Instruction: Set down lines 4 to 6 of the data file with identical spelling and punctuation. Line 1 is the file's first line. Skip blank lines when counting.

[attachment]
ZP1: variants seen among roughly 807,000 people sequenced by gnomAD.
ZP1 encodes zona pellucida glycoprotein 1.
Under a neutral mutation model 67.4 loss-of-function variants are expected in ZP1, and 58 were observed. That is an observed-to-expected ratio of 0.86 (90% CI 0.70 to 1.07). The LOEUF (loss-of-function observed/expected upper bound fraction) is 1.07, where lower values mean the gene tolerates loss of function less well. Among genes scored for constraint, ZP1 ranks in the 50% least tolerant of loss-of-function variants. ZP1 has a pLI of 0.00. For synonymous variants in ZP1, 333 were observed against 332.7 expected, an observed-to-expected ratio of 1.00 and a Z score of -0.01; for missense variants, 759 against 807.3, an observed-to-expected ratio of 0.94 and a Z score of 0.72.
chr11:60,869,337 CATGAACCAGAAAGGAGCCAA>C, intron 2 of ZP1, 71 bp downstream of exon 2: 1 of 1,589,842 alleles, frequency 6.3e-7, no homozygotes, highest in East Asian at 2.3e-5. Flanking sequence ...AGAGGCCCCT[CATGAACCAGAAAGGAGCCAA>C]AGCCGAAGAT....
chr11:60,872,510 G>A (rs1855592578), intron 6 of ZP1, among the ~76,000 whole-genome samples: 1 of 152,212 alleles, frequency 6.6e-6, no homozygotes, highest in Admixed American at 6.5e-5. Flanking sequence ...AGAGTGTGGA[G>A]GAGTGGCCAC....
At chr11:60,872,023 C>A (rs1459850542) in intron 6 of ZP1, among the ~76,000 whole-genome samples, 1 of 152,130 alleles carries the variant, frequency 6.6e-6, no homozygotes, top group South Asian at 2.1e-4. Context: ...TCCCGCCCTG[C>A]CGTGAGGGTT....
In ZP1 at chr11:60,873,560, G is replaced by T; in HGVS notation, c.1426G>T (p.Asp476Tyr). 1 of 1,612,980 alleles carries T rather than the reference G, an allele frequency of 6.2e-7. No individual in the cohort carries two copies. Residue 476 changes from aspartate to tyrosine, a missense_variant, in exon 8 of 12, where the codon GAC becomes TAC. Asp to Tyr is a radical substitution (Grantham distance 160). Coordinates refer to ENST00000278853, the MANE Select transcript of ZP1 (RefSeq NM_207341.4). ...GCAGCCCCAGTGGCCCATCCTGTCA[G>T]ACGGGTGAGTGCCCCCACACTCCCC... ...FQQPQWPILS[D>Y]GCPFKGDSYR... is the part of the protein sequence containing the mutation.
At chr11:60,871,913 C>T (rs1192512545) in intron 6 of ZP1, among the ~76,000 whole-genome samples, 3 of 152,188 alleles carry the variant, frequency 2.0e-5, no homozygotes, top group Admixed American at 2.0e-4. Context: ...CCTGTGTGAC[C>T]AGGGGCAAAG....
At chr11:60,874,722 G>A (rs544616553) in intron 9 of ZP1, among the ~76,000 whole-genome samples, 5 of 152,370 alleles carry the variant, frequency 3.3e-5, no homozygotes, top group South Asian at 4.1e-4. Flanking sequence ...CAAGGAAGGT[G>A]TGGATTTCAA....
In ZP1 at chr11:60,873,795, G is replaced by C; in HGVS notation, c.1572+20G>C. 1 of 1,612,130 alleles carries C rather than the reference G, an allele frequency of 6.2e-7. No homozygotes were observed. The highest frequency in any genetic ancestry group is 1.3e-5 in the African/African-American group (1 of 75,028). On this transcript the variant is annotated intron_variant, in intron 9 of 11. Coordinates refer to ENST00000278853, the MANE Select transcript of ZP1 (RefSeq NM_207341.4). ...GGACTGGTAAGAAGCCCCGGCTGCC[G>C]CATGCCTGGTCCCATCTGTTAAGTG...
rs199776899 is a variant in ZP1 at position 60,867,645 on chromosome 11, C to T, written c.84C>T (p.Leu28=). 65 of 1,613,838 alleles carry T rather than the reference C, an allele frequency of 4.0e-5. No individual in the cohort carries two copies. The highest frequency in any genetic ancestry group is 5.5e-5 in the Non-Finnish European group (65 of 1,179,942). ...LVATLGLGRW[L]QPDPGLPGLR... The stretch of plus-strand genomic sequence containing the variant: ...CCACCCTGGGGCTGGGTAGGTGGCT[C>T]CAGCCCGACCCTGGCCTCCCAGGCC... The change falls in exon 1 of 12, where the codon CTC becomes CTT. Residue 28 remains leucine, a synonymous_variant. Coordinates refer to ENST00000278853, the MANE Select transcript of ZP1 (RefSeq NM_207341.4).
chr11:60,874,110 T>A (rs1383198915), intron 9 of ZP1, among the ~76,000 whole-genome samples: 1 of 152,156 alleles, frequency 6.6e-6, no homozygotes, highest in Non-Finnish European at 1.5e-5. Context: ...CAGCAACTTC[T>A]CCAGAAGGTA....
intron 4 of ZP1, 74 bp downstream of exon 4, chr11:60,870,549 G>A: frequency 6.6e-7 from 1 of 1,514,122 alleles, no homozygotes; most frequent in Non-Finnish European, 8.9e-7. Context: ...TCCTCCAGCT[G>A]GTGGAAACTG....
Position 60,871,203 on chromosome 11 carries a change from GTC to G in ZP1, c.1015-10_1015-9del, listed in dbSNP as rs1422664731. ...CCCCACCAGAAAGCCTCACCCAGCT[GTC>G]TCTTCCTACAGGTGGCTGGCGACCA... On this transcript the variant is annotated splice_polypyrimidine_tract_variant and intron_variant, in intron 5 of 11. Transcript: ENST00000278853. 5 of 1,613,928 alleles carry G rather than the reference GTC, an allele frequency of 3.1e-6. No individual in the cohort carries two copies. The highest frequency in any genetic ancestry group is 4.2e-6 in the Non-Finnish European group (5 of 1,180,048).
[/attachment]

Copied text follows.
chr11:60,869,337 CATGAACCAGAAAGGAGCCAA>C, intron 2 of ZP1, 71 bp downstream of exon 2: 1 of 1,589,842 alleles, frequency 6.3e-7, no homozygotes, highest in East Asian at 2.3e-5. Flanking sequence ...AGAGGCCCCT[CATGAACCAGAAAGGAGCCAA>C]AGCCGAAGAT....
chr11:60,872,510 G>A (rs1855592578), intron 6 of ZP1, among the ~76,000 whole-genome samples: 1 of 152,212 alleles, frequency 6.6e-6, no homozygotes, highest in Admixed American at 6.5e-5. Flanking sequence ...AGAGTGTGGA[G>A]GAGTGGCCAC....
At chr11:60,872,023 C>A (rs1459850542) in intron 6 of ZP1, among the ~76,000 whole-genome samples, 1 of 152,130 alleles carries the variant, frequency 6.6e-6, no homozygotes, top group South Asian at 2.1e-4. Context: ...TCCCGCCCTG[C>A]CGTGAGGGTT....